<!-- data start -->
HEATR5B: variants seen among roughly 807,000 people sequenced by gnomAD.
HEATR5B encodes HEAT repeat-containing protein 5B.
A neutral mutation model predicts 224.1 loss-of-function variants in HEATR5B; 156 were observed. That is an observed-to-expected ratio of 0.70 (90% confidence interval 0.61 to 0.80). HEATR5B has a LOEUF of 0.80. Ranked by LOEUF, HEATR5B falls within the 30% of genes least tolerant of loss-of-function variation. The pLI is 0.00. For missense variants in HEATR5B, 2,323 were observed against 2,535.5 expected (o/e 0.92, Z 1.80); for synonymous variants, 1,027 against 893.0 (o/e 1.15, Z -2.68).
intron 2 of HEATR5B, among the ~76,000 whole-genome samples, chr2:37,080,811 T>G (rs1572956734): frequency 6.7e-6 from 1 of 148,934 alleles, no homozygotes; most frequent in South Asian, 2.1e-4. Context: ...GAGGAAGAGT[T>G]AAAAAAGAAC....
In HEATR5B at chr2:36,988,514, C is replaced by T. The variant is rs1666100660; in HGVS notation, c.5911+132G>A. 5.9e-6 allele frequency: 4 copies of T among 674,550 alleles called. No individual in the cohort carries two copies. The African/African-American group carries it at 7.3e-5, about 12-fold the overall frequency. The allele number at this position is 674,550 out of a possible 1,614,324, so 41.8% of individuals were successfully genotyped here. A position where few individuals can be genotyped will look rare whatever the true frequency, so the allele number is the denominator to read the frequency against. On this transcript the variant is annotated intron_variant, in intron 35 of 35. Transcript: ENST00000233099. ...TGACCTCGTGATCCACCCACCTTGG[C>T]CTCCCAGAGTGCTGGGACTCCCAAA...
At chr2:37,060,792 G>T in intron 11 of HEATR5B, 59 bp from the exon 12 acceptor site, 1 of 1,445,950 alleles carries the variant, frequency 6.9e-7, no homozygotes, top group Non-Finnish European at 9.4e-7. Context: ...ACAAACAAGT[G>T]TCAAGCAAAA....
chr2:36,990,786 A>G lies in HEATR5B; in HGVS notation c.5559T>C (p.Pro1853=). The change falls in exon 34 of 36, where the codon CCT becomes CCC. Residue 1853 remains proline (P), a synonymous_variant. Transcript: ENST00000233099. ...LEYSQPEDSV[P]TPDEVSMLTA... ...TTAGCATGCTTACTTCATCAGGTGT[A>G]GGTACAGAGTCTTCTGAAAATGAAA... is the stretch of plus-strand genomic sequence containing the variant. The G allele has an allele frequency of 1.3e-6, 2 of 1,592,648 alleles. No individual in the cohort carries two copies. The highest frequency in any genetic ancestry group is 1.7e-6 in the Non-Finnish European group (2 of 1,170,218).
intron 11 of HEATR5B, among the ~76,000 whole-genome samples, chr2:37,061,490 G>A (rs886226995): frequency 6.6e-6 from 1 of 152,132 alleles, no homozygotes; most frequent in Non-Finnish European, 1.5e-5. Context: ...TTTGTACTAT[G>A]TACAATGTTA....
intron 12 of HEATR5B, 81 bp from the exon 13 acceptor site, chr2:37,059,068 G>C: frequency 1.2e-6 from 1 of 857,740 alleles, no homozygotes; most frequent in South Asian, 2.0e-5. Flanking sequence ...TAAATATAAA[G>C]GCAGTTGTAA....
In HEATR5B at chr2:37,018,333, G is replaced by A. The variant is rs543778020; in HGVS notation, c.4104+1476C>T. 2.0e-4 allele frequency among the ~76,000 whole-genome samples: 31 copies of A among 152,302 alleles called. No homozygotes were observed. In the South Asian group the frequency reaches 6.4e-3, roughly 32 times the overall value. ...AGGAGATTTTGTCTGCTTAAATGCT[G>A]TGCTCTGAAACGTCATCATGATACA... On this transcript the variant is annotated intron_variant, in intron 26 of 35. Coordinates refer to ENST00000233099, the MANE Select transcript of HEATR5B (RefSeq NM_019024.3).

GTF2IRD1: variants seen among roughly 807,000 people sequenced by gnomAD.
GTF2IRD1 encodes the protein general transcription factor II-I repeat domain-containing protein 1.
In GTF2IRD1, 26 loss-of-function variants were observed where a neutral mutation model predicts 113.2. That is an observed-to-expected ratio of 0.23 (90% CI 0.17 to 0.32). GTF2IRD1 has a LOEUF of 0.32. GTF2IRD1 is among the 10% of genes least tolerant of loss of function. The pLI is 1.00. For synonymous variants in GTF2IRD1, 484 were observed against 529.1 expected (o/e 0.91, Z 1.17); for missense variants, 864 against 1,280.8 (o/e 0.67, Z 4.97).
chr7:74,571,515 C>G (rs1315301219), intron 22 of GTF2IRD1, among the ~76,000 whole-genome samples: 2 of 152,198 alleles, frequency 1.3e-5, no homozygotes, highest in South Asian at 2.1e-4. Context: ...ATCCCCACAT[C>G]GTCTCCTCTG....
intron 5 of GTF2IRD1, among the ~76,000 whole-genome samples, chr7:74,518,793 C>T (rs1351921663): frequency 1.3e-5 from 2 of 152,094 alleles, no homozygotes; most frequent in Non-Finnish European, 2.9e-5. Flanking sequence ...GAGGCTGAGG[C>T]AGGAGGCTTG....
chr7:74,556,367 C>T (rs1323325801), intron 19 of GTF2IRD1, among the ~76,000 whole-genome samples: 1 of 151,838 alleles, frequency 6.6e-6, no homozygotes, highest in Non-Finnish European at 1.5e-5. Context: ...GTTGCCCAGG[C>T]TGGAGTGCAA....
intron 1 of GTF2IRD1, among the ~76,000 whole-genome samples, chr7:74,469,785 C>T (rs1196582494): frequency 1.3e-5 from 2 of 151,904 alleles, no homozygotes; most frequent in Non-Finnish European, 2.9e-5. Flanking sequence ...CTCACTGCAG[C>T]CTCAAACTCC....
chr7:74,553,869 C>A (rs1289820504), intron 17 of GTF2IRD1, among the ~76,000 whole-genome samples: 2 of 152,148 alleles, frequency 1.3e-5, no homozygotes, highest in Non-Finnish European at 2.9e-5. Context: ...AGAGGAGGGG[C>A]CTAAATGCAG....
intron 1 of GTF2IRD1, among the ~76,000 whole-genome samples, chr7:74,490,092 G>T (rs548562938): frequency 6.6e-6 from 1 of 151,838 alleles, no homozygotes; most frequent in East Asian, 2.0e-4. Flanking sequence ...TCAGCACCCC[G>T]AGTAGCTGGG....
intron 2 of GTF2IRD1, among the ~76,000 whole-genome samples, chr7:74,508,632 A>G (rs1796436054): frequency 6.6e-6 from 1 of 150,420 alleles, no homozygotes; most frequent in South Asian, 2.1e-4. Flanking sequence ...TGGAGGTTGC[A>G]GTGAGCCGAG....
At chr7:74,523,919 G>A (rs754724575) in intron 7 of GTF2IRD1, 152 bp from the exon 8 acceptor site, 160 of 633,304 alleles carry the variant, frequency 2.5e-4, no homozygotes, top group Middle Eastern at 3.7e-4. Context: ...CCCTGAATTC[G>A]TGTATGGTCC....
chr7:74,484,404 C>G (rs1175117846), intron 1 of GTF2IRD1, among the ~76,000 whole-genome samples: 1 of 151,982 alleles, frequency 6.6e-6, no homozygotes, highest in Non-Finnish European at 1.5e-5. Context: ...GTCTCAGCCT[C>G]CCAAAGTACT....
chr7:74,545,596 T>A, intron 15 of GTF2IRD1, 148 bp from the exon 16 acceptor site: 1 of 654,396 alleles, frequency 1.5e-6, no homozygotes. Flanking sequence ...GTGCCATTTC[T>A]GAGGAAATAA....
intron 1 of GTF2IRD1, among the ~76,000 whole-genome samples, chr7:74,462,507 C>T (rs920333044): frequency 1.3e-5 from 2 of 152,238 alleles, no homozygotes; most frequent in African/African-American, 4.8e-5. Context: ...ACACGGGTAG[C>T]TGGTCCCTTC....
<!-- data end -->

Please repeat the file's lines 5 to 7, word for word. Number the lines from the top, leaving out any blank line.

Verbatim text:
In HEATR5B at chr2:36,988,514, C is replaced by T. The variant is rs1666100660; in HGVS notation, c.5911+132G>A. 5.9e-6 allele frequency: 4 copies of T among 674,550 alleles called. No individual in the cohort carries two copies. The African/African-American group carries it at 7.3e-5, about 12-fold the overall frequency. The allele number at this position is 674,550 out of a possible 1,614,324, so 41.8% of individuals were successfully genotyped here. A position where few individuals can be genotyped will look rare whatever the true frequency, so the allele number is the denominator to read the frequency against. On this transcript the variant is annotated intron_variant, in intron 35 of 35. Transcript: ENST00000233099. ...TGACCTCGTGATCCACCCACCTTGG[C>T]CTCCCAGAGTGCTGGGACTCCCAAA...
At chr2:37,060,792 G>T in intron 11 of HEATR5B, 59 bp from the exon 12 acceptor site, 1 of 1,445,950 alleles carries the variant, frequency 6.9e-7, no homozygotes, top group Non-Finnish European at 9.4e-7. Context: ...ACAAACAAGT[G>T]TCAAGCAAAA....
chr2:36,990,786 A>G lies in HEATR5B; in HGVS notation c.5559T>C (p.Pro1853=). The change falls in exon 34 of 36, where the codon CCT becomes CCC. Residue 1853 remains proline (P), a synonymous_variant. Transcript: ENST00000233099. ...LEYSQPEDSV[P]TPDEVSMLTA... ...TTAGCATGCTTACTTCATCAGGTGT[A>G]GGTACAGAGTCTTCTGAAAATGAAA... is the stretch of plus-strand genomic sequence containing the variant. The G allele has an allele frequency of 1.3e-6, 2 of 1,592,648 alleles. No individual in the cohort carries two copies. The highest frequency in any genetic ancestry group is 1.7e-6 in the Non-Finnish European group (2 of 1,170,218).